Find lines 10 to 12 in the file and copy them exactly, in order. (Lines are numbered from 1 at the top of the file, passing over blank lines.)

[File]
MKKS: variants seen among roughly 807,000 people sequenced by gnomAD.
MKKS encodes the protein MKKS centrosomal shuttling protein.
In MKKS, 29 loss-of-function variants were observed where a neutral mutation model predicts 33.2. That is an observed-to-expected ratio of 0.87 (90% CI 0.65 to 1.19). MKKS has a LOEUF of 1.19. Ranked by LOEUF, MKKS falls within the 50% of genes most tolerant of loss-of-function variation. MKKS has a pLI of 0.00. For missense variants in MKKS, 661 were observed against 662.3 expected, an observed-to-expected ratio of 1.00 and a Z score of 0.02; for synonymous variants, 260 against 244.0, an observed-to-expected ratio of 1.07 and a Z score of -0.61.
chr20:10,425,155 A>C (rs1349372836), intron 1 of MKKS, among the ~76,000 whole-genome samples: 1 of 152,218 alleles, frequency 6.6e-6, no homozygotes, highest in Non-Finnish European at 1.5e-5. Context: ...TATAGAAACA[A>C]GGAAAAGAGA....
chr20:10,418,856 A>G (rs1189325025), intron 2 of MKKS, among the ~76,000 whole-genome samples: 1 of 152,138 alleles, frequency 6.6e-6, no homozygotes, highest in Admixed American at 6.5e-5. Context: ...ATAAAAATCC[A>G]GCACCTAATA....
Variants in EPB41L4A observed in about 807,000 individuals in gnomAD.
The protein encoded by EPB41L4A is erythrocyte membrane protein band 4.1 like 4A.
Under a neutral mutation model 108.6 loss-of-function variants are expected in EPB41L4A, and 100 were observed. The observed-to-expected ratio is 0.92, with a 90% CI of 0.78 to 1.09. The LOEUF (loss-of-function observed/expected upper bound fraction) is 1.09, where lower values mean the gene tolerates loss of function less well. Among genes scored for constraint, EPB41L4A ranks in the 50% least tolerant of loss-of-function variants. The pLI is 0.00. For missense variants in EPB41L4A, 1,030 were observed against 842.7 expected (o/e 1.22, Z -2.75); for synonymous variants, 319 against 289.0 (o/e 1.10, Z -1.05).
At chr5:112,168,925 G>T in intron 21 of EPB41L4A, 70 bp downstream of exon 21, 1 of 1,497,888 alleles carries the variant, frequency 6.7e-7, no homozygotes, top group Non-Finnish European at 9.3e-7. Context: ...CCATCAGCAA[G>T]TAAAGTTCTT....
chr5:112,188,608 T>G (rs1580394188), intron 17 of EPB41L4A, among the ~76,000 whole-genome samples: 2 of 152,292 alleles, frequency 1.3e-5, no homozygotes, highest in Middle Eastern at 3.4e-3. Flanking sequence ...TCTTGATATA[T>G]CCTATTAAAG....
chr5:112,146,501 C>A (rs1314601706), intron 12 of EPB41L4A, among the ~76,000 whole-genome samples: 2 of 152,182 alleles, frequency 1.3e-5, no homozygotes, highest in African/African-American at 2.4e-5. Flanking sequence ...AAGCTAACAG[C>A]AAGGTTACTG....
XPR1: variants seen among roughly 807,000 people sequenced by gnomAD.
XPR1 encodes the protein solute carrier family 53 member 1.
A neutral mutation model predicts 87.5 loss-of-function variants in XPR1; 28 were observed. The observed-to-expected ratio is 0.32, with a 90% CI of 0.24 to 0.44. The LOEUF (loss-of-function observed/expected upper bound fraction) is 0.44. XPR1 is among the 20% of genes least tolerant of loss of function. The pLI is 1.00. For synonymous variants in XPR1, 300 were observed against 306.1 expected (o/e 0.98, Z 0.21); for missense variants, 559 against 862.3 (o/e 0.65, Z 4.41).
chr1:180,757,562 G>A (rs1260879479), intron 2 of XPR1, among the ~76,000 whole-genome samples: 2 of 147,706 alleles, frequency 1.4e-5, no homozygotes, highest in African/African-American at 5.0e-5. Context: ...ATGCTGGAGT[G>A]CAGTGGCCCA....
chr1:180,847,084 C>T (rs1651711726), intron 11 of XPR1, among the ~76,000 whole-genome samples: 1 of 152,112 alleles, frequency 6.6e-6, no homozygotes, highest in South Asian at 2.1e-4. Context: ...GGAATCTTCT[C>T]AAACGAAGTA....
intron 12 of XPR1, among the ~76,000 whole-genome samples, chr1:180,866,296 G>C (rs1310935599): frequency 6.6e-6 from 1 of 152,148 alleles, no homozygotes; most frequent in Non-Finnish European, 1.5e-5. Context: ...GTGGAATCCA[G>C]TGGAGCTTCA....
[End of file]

chr5:112,188,608 T>G (rs1580394188), intron 17 of EPB41L4A, among the ~76,000 whole-genome samples: 2 of 152,292 alleles, frequency 1.3e-5, no homozygotes, highest in Middle Eastern at 3.4e-3. Flanking sequence ...TCTTGATATA[T>G]CCTATTAAAG....
chr5:112,146,501 C>A (rs1314601706), intron 12 of EPB41L4A, among the ~76,000 whole-genome samples: 2 of 152,182 alleles, frequency 1.3e-5, no homozygotes, highest in African/African-American at 2.4e-5. Flanking sequence ...AAGCTAACAG[C>A]AAGGTTACTG....
XPR1: variants seen among roughly 807,000 people sequenced by gnomAD.